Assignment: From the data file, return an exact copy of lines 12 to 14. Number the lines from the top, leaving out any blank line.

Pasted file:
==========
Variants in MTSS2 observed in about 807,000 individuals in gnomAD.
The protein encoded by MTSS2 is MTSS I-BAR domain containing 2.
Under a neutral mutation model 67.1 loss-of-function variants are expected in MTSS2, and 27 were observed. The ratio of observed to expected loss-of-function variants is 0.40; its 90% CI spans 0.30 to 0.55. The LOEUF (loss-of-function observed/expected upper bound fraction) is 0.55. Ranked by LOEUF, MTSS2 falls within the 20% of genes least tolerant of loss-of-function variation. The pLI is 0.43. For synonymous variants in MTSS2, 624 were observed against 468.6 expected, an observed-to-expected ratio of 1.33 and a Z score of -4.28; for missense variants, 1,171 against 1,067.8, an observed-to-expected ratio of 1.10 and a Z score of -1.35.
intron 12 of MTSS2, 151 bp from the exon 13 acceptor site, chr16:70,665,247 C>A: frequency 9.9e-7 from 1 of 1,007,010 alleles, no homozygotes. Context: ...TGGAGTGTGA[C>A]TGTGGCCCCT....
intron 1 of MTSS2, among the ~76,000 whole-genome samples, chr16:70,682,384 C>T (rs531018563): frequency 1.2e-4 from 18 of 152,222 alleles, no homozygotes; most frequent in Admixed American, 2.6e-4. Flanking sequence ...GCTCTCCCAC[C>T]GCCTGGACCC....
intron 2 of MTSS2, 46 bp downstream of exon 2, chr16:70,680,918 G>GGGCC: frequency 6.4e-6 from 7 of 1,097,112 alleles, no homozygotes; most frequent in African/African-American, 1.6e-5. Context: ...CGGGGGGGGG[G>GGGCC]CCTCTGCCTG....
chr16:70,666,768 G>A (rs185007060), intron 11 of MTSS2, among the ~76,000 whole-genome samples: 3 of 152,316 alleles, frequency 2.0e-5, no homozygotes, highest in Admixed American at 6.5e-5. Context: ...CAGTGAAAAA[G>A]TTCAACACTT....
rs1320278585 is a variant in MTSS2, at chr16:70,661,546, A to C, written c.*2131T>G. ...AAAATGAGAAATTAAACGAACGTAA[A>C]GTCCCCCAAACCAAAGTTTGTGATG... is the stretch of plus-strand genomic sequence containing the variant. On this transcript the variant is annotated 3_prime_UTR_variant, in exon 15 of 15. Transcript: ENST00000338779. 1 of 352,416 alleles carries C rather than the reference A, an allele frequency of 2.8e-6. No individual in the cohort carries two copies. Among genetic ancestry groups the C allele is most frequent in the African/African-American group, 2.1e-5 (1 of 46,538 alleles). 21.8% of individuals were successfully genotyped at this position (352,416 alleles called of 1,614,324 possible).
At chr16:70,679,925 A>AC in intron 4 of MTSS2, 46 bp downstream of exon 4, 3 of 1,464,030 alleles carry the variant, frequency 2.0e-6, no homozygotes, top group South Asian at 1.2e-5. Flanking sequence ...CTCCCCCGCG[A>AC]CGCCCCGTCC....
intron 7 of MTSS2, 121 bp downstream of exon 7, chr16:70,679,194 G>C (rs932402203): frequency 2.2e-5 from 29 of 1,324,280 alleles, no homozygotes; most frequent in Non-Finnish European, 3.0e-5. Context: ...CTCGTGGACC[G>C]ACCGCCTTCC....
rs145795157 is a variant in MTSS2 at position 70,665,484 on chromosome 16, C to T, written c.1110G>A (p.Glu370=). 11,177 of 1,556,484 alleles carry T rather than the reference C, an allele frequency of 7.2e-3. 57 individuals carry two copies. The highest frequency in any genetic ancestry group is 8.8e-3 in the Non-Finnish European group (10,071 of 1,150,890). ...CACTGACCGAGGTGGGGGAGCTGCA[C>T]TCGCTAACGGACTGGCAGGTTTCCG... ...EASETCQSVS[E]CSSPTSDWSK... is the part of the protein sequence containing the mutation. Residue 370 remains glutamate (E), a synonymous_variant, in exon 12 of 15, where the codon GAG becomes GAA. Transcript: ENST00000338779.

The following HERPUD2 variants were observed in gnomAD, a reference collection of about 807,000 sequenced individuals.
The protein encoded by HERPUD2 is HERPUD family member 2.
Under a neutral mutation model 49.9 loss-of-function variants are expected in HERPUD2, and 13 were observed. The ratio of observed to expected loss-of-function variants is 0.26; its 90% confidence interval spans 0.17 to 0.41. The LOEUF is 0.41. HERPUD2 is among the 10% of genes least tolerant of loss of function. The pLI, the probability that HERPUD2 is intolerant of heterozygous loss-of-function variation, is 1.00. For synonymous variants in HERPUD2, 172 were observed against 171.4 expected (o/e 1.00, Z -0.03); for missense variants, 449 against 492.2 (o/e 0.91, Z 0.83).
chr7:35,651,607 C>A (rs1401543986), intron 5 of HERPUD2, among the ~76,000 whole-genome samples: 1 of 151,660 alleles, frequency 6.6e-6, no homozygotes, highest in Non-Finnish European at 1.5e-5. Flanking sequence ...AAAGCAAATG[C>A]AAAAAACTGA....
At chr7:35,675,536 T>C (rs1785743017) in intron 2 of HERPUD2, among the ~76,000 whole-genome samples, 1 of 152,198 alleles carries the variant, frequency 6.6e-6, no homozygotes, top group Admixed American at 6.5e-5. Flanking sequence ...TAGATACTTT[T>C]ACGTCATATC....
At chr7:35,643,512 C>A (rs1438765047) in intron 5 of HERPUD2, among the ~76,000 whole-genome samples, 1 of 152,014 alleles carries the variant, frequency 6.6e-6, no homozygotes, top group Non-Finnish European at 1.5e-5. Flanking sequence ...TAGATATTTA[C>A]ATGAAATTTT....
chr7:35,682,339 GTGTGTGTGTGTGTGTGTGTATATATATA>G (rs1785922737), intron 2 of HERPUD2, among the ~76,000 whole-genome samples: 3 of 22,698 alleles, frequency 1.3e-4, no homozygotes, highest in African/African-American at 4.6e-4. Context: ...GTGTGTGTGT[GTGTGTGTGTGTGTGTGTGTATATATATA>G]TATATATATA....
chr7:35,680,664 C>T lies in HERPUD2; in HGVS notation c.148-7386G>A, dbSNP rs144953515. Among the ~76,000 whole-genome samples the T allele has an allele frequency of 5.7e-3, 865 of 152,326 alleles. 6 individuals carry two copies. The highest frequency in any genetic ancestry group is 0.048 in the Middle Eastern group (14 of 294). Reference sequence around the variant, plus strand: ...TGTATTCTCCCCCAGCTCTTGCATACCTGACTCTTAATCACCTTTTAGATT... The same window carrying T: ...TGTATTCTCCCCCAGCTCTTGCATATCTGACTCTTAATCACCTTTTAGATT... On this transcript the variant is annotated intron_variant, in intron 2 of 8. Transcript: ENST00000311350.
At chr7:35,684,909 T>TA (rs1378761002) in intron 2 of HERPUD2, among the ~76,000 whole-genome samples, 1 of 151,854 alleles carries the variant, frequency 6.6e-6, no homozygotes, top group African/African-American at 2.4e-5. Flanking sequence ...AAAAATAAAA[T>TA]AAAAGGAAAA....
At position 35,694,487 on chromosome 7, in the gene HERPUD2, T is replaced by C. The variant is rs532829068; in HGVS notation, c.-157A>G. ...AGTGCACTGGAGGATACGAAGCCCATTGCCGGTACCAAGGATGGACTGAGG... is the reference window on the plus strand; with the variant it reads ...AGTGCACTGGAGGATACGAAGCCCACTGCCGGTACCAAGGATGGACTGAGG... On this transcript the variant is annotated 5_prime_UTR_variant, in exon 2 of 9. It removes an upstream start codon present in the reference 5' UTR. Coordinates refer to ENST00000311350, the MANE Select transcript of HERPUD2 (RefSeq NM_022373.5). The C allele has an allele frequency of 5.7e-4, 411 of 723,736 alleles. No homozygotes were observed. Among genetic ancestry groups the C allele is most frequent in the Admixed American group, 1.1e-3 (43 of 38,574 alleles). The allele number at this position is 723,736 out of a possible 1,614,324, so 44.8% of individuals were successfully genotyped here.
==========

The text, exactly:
The following HERPUD2 variants were observed in gnomAD, a reference collection of about 807,000 sequenced individuals.
The protein encoded by HERPUD2 is HERPUD family member 2.
Under a neutral mutation model 49.9 loss-of-function variants are expected in HERPUD2, and 13 were observed. The ratio of observed to expected loss-of-function variants is 0.26; its 90% confidence interval spans 0.17 to 0.41. The LOEUF is 0.41. HERPUD2 is among the 10% of genes least tolerant of loss of function. The pLI, the probability that HERPUD2 is intolerant of heterozygous loss-of-function variation, is 1.00. For synonymous variants in HERPUD2, 172 were observed against 171.4 expected (o/e 1.00, Z -0.03); for missense variants, 449 against 492.2 (o/e 0.91, Z 0.83).